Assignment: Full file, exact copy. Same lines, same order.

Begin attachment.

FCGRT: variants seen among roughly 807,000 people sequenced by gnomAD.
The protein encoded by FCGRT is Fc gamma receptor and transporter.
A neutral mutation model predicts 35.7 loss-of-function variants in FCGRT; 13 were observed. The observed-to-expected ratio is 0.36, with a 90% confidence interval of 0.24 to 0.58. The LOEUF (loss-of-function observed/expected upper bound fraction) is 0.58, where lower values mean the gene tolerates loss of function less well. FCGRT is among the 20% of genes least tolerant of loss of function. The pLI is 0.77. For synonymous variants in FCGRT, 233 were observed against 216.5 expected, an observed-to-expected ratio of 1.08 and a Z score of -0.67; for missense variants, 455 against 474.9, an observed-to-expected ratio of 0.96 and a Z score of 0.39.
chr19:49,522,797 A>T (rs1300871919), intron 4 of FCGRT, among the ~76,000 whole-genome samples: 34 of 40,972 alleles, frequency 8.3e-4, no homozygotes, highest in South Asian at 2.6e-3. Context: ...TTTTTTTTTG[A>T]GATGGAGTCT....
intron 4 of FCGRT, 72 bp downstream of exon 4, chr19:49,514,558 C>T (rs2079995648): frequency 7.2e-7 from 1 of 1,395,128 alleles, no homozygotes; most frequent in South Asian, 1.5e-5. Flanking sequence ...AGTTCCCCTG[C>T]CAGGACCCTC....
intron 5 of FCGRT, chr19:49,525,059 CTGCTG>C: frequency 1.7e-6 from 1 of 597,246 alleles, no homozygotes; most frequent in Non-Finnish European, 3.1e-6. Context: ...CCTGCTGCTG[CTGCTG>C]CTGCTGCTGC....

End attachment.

FCGRT: variants seen among roughly 807,000 people sequenced by gnomAD.
The protein encoded by FCGRT is Fc gamma receptor and transporter.
A neutral mutation model predicts 35.7 loss-of-function variants in FCGRT; 13 were observed. The observed-to-expected ratio is 0.36, with a 90% confidence interval of 0.24 to 0.58. The LOEUF (loss-of-function observed/expected upper bound fraction) is 0.58, where lower values mean the gene tolerates loss of function less well. FCGRT is among the 20% of genes least tolerant of loss of function. The pLI is 0.77. For synonymous variants in FCGRT, 233 were observed against 216.5 expected, an observed-to-expected ratio of 1.08 and a Z score of -0.67; for missense variants, 455 against 474.9, an observed-to-expected ratio of 0.96 and a Z score of 0.39.
chr19:49,522,797 A>T (rs1300871919), intron 4 of FCGRT, among the ~76,000 whole-genome samples: 34 of 40,972 alleles, frequency 8.3e-4, no homozygotes, highest in South Asian at 2.6e-3. Context: ...TTTTTTTTTG[A>T]GATGGAGTCT....
intron 4 of FCGRT, 72 bp downstream of exon 4, chr19:49,514,558 C>T (rs2079995648): frequency 7.2e-7 from 1 of 1,395,128 alleles, no homozygotes; most frequent in South Asian, 1.5e-5. Flanking sequence ...AGTTCCCCTG[C>T]CAGGACCCTC....
intron 5 of FCGRT, chr19:49,525,059 CTGCTG>C: frequency 1.7e-6 from 1 of 597,246 alleles, no homozygotes; most frequent in Non-Finnish European, 3.1e-6. Context: ...CCTGCTGCTG[CTGCTG>C]CTGCTGCTGC....